Installing Python 3.6 on Ubuntu

Since I have been getting a lot of questions about installing Python 3.6 on Ubuntu, I thought I could put together a document for quick reference. The default version of Python on Ubuntu (until 17.04) is Python 3.5. To download and install Python 3.6, follow the commands given below based on your version of Ubuntu.

Ubuntu 14.04 (Trusty), 16.04 (Xenial)

If you are using Ubuntu 14.04 or 16.04, you can use Felix Krull’s deadsnakes PPA at https://launchpad.net/~deadsnakes/+archive/ubuntu/ppa:

Command 1:

sudo add-apt-repository ppa:deadsnakes/ppa

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Command 2:

sudo apt-get update

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Command 3:

sudo apt-get install python3.6

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Alternatively, you can use J Fernyhough’s PPA at https://launchpad.net/~jonathonf/+archive/ubuntu/python-3.6:

sudo add-apt-repository ppa:jonathonf/python-3.6
sudo apt-get update
sudo apt-get install python3.6

Ubuntu 16.10, 17.04

If you are using Ubuntu 16.10 or 17.04, then Python 3.6 is in the universe repository, so you can just run:

sudo apt-get update
sudo apt-get install python3.6

After installation for Ubuntu 14.04, 16.04, 16.10 and 17.04

To invoke the Python 3.6 interpreter, run python3.6.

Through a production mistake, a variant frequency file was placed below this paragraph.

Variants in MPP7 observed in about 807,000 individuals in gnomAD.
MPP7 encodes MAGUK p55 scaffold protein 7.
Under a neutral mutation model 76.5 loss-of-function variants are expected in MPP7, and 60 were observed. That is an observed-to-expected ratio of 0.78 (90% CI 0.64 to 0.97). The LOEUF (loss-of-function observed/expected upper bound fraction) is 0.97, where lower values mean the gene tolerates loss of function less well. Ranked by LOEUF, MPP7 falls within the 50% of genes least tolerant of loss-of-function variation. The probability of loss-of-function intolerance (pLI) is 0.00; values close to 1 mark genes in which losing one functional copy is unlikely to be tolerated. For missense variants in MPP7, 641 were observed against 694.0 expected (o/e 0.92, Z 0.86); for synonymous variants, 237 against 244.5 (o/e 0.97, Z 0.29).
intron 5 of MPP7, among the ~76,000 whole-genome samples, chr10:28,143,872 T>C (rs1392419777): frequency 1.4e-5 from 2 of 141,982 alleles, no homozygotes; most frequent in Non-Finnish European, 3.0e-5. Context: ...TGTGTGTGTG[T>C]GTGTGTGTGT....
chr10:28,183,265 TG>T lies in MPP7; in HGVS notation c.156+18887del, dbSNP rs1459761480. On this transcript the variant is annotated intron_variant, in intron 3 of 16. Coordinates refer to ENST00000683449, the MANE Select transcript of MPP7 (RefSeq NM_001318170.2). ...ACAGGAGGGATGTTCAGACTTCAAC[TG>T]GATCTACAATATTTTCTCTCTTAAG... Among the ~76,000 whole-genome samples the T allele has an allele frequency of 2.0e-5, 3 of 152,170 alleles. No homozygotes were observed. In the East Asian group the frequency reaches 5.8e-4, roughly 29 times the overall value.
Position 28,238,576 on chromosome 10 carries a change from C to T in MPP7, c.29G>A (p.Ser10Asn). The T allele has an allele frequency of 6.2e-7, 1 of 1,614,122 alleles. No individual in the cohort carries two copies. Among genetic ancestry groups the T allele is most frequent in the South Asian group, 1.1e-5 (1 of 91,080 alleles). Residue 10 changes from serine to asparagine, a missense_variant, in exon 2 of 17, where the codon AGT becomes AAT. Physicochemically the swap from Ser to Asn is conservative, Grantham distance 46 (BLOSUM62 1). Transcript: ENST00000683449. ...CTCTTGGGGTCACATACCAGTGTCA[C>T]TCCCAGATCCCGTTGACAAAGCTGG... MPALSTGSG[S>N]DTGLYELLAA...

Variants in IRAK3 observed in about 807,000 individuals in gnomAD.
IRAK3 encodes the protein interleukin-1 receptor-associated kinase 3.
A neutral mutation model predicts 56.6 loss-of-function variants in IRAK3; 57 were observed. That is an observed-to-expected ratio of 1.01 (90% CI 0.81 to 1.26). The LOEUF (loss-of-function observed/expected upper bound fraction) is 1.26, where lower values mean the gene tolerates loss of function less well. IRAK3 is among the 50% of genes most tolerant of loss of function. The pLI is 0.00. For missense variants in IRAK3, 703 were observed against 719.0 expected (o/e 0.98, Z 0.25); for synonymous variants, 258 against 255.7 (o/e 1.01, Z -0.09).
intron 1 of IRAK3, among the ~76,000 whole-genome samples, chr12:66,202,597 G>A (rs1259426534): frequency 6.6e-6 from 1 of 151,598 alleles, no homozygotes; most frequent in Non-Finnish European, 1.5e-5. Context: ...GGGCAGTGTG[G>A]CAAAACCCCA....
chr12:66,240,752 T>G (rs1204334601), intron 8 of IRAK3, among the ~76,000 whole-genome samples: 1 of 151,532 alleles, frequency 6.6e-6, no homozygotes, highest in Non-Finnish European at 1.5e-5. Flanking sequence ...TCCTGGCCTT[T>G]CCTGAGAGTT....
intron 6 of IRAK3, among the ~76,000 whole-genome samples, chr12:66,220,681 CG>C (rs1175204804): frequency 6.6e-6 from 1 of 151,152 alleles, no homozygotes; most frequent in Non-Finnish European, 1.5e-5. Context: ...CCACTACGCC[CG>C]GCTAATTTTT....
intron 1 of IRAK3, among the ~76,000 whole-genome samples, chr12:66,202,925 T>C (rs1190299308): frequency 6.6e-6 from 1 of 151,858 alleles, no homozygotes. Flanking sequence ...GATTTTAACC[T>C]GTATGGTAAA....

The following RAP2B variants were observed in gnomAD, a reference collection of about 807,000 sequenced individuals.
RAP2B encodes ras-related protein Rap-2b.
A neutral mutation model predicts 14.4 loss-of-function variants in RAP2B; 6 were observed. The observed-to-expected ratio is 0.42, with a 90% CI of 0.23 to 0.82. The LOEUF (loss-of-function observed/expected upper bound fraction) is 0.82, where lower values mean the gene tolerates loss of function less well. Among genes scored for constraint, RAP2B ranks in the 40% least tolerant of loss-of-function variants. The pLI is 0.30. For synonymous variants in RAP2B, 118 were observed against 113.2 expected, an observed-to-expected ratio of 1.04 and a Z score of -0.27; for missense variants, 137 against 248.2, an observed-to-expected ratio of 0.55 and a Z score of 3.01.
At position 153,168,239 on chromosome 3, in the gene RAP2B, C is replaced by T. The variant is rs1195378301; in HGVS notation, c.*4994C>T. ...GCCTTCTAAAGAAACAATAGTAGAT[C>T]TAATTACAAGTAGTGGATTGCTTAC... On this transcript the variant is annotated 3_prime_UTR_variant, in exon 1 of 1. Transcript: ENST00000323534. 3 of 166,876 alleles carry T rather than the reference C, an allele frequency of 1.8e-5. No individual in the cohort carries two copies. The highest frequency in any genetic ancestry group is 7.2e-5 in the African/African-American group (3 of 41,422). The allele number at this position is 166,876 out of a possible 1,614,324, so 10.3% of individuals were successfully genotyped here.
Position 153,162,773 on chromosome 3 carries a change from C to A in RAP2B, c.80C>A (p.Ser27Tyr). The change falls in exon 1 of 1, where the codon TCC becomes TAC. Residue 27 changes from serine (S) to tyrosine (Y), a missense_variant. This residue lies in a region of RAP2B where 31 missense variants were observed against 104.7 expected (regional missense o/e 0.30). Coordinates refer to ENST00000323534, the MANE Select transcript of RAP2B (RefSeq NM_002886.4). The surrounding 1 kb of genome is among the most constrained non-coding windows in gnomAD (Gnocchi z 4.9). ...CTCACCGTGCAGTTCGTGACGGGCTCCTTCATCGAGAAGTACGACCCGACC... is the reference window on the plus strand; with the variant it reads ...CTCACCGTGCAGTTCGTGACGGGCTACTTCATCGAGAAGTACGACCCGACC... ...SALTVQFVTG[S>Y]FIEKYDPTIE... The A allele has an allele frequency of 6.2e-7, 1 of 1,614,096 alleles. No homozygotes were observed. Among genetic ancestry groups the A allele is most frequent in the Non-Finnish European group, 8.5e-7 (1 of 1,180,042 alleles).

Ubuntu 17.10 and 18.04 (Bionic)

Ubuntu 17.10 and 18.04 already come with Python 3.6 as default. Just run python3 to invoke it.

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Color tracking using webcam, OpenCV and Python

In this post, a simple method to obtain continuous video from a standard webcam is described. It also provides code to track a certain color from the camera feed. For this purpose, we make use of OpenCV functions in python.

To test if you are able to capture the live video feed, use the code snippet provided below.

# import the necessary packages
import cv2
#Declare variables for window
cv2.namedWindow("preview")
vc = cv2.VideoCapture(0)
# try to get the first frame
if vc.isOpened():
rval, frame = vc.read()
else:
rval = False
while rval:
cv2.imshow("preview", frame)
rval, frame = vc.read()
key = cv2.waitKey(20)
if key == 27: # Exit when ESC key is pressed
break
vc.release() #To unlock camera on windows OS
cv2.destroyWindow("preview")

If you are unable to close the window, simply press ‘Esc’. It has been assigned as the exit key in the code.

Now, to verify color tracking using HSV values, use the following code:

#Import necesessary packages
import cv2
import numpy as np
#Declare variables for window
vc = cv2.VideoCapture(0)
while(1):
# Take each frame
ret, frame = cap.read()
if(ret):
# Convert BGR to HSV
hsv = cv2.cvtColor(frame, cv2.COLOR_BGR2HSV)
# define range of blue color in HSV
lower_blue = np.array([50, 100, 100], dtype=np.uint8)#[110,50,50]
upper_blue = np.array([70,255,255], dtype=np.uint8)#[130,255,255]
# Threshold the HSV image to get only blue colors
mask = cv2.inRange(hsv, lower_blue, upper_blue)
# Bitwise-AND mask and original image
res = cv2.bitwise_and(frame,frame, mask= mask)
cv2.imshow('frame',frame)
cv2.imshow('mask',mask)
cv2.imshow('res',res)
k = cv2.waitKey(5) & 0xFF
if k == 27: #Exit when ESC key is pressed
break
vc.release()
cv2.destroyAllWindows()

If you would like to determine HSV values for any color, please use the example below:

>> green = np.uint8([[[0,255,0]]])
>> hsv_green = cv2.cvtColor(green,cv2.COLOR_BGR2HSV)
>> print hsv_green

Now the value obtained (here, [[[60 255 255]]]) offers the base to set the range of colors to determine. Use [H-10, 100, 100] as lower bound and [H+10, 255, 255] as upper bound.

Hope this helps.